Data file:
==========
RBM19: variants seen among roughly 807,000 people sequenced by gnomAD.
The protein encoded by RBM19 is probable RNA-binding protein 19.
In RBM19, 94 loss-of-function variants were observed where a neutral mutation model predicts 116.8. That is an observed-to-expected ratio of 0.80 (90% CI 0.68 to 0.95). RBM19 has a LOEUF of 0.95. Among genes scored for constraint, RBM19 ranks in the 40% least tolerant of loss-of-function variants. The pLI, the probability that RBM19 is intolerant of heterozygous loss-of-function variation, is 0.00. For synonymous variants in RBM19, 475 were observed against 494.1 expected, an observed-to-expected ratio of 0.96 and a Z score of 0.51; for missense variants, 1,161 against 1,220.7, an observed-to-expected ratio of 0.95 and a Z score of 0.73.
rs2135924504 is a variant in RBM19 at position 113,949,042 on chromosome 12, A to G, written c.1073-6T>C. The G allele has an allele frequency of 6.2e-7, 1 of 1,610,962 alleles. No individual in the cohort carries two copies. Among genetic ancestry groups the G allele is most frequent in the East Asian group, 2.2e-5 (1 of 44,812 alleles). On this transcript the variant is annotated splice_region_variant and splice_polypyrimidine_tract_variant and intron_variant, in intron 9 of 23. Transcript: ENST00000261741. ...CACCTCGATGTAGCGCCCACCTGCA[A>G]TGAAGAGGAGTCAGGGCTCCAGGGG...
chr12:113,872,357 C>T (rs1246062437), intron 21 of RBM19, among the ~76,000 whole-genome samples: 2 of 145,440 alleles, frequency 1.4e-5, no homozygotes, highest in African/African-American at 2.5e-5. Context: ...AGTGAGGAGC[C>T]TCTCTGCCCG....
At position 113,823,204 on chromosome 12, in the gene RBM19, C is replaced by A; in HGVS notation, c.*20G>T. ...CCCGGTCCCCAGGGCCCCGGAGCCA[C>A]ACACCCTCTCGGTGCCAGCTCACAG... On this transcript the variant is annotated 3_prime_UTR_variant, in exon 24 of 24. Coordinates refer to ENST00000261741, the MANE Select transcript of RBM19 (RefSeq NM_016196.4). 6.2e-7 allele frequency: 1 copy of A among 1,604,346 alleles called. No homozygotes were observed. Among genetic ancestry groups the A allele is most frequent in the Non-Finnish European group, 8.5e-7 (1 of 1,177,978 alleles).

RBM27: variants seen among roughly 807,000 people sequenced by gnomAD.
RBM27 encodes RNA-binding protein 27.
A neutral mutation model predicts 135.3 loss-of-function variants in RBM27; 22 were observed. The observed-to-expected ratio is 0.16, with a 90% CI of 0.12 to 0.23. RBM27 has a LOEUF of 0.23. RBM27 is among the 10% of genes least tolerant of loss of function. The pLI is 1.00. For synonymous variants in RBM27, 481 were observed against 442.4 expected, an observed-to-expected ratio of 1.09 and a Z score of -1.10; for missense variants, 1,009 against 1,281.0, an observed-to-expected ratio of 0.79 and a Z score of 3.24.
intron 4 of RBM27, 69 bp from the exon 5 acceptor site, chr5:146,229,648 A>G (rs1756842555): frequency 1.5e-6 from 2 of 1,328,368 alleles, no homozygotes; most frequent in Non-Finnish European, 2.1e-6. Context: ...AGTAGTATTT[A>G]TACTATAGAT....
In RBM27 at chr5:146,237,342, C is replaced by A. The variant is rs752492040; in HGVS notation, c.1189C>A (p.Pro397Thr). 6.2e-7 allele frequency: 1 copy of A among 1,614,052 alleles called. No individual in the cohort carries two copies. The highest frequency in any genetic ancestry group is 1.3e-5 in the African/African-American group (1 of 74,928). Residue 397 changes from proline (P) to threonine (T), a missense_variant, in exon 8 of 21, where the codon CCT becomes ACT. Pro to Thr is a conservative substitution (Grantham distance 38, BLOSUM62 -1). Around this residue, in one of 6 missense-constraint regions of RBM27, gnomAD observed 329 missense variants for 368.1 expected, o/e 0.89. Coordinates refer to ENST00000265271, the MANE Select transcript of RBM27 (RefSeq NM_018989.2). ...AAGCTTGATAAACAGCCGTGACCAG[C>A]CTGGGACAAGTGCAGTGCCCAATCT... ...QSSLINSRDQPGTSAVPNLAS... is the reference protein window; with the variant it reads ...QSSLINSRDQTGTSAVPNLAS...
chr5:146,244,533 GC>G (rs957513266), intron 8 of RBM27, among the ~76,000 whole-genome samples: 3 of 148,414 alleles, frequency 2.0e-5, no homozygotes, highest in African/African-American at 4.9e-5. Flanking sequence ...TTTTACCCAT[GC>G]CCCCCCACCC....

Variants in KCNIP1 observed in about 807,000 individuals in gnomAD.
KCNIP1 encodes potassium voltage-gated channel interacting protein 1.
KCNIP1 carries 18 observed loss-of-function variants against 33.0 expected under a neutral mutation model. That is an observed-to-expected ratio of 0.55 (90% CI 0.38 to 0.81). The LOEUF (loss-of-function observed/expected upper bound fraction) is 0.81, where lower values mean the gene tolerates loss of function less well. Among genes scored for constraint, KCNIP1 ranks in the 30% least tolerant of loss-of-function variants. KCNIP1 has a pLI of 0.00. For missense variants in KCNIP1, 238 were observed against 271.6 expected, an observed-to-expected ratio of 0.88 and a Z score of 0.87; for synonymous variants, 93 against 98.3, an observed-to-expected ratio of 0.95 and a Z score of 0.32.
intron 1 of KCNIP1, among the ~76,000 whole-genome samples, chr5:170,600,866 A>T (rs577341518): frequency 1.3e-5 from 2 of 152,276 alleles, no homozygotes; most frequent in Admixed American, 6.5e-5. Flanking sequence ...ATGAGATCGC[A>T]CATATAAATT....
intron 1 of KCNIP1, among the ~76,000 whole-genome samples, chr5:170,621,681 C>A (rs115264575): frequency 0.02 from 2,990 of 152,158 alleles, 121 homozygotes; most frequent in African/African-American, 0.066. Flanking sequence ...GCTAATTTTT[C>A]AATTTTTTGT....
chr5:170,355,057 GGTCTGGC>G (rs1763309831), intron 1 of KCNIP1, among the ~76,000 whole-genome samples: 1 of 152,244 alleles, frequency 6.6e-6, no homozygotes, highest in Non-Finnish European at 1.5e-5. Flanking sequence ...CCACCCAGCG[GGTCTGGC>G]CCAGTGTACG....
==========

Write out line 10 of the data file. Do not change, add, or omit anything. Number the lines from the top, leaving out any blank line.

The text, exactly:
intron 4 of RBM27, 69 bp from the exon 5 acceptor site, chr5:146,229,648 A>G (rs1756842555): frequency 1.5e-6 from 2 of 1,328,368 alleles, no homozygotes; most frequent in Non-Finnish European, 2.1e-6. Context: ...AGTAGTATTT[A>G]TACTATAGAT....